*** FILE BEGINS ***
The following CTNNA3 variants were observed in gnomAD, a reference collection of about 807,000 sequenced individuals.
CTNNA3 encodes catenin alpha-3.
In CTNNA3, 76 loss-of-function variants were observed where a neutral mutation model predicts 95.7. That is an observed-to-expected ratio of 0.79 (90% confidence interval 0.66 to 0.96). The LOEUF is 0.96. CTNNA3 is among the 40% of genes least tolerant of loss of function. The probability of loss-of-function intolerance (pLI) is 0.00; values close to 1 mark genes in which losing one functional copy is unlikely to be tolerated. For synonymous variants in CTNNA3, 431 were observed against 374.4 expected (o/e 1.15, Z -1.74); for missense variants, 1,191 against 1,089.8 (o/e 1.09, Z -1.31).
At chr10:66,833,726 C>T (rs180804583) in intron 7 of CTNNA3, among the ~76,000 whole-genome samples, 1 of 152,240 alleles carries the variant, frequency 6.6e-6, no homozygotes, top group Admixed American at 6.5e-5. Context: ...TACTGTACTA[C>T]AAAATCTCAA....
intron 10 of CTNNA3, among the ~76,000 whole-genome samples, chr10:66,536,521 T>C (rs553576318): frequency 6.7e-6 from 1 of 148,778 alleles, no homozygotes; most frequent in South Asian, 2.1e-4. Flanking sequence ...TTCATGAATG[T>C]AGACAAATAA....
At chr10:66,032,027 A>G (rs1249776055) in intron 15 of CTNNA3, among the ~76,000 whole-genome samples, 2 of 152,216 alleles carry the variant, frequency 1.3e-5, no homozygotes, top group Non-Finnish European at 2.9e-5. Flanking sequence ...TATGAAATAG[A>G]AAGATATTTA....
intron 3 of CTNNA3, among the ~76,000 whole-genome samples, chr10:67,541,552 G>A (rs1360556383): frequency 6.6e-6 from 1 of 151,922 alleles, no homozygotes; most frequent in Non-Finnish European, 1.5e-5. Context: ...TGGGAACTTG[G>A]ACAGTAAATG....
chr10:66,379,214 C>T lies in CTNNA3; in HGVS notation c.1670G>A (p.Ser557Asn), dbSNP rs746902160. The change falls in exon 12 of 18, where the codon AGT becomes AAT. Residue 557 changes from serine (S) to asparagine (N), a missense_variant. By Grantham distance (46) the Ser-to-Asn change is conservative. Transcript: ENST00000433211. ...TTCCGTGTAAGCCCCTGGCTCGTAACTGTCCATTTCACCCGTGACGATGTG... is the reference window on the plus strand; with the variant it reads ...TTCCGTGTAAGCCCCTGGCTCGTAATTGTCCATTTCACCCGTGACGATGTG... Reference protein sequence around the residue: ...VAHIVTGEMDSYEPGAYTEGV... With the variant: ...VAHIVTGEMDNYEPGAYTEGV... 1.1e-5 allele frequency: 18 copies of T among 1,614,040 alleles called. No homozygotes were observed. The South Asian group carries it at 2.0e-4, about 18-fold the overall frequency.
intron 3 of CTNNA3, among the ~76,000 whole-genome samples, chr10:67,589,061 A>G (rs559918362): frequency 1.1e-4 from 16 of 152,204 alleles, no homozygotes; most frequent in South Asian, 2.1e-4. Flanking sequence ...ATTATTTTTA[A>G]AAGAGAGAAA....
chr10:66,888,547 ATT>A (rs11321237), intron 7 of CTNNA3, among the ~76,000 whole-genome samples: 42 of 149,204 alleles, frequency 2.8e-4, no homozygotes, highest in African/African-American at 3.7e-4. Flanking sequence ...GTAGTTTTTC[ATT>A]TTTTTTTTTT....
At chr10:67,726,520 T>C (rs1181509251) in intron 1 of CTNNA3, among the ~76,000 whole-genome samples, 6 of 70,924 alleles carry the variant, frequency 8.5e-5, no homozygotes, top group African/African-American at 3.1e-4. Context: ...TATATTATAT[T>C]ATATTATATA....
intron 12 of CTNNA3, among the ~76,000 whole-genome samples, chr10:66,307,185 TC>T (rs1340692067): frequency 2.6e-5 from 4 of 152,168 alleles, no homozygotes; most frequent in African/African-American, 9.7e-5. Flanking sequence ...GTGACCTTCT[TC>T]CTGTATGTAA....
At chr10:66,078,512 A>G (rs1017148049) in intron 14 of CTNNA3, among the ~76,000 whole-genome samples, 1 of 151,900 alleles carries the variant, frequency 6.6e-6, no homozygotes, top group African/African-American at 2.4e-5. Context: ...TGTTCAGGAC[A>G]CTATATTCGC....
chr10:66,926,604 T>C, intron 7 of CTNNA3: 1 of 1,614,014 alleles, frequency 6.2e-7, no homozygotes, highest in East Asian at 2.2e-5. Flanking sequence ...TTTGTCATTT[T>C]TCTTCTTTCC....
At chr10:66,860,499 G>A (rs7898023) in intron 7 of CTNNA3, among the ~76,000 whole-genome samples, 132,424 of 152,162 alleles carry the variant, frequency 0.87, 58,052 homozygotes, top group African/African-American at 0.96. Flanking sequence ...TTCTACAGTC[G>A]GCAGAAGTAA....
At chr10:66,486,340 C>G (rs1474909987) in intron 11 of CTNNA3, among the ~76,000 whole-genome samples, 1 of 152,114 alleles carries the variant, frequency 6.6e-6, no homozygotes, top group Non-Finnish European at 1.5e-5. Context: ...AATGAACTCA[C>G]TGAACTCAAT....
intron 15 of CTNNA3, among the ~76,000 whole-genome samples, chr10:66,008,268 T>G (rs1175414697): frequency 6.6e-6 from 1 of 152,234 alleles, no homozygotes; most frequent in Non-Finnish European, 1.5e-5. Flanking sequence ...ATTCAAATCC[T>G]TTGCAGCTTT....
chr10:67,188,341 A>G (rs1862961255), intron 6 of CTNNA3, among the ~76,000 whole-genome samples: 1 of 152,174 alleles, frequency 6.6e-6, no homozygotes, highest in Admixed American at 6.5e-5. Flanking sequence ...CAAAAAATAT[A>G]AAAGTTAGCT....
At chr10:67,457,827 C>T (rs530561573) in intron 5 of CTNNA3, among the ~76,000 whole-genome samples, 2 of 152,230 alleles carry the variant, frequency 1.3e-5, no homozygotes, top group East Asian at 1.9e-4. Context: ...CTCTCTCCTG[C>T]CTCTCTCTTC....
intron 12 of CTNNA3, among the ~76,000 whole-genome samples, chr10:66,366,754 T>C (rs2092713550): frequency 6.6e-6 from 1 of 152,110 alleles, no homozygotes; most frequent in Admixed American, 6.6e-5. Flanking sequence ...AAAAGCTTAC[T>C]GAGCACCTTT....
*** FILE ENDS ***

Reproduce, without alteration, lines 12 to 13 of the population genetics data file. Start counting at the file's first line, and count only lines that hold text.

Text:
intron 12 of CTNNA3, among the ~76,000 whole-genome samples, chr10:66,307,185 TC>T (rs1340692067): frequency 2.6e-5 from 4 of 152,168 alleles, no homozygotes; most frequent in African/African-American, 9.7e-5. Flanking sequence ...GTGACCTTCT[TC>T]CTGTATGTAA....
At chr10:66,078,512 A>G (rs1017148049) in intron 14 of CTNNA3, among the ~76,000 whole-genome samples, 1 of 151,900 alleles carries the variant, frequency 6.6e-6, no homozygotes, top group African/African-American at 2.4e-5. Context: ...TGTTCAGGAC[A>G]CTATATTCGC....